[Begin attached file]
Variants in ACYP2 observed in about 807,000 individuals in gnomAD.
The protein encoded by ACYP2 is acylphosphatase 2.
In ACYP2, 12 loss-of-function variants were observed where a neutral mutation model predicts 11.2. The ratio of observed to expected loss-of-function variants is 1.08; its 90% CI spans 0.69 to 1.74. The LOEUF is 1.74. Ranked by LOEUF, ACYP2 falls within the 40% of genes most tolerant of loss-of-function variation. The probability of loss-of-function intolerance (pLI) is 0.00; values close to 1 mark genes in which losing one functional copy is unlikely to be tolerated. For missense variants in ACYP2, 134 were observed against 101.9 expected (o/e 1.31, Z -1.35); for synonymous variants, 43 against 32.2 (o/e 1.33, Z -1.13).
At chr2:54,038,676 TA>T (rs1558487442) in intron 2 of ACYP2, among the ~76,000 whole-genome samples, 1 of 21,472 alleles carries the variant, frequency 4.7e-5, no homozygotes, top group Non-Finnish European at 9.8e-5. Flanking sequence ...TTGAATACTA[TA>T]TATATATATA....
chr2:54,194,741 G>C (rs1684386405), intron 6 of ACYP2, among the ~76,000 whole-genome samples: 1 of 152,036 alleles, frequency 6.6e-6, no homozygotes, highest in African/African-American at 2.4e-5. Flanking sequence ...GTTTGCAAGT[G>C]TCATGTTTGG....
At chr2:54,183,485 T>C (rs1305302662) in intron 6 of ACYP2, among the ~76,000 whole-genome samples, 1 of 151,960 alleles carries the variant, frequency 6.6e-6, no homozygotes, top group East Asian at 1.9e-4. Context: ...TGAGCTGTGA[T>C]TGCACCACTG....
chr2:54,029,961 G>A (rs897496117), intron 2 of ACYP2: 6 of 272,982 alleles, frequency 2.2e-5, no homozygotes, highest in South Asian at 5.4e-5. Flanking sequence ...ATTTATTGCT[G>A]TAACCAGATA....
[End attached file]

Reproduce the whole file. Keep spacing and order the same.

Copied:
Variants in ACYP2 observed in about 807,000 individuals in gnomAD.
The protein encoded by ACYP2 is acylphosphatase 2.
In ACYP2, 12 loss-of-function variants were observed where a neutral mutation model predicts 11.2. The ratio of observed to expected loss-of-function variants is 1.08; its 90% CI spans 0.69 to 1.74. The LOEUF is 1.74. Ranked by LOEUF, ACYP2 falls within the 40% of genes most tolerant of loss-of-function variation. The probability of loss-of-function intolerance (pLI) is 0.00; values close to 1 mark genes in which losing one functional copy is unlikely to be tolerated. For missense variants in ACYP2, 134 were observed against 101.9 expected (o/e 1.31, Z -1.35); for synonymous variants, 43 against 32.2 (o/e 1.33, Z -1.13).
At chr2:54,038,676 TA>T (rs1558487442) in intron 2 of ACYP2, among the ~76,000 whole-genome samples, 1 of 21,472 alleles carries the variant, frequency 4.7e-5, no homozygotes, top group Non-Finnish European at 9.8e-5. Flanking sequence ...TTGAATACTA[TA>T]TATATATATA....
chr2:54,194,741 G>C (rs1684386405), intron 6 of ACYP2, among the ~76,000 whole-genome samples: 1 of 152,036 alleles, frequency 6.6e-6, no homozygotes, highest in African/African-American at 2.4e-5. Flanking sequence ...GTTTGCAAGT[G>C]TCATGTTTGG....
At chr2:54,183,485 T>C (rs1305302662) in intron 6 of ACYP2, among the ~76,000 whole-genome samples, 1 of 151,960 alleles carries the variant, frequency 6.6e-6, no homozygotes, top group East Asian at 1.9e-4. Context: ...TGAGCTGTGA[T>C]TGCACCACTG....
chr2:54,029,961 G>A (rs897496117), intron 2 of ACYP2: 6 of 272,982 alleles, frequency 2.2e-5, no homozygotes, highest in South Asian at 5.4e-5. Flanking sequence ...ATTTATTGCT[G>A]TAACCAGATA....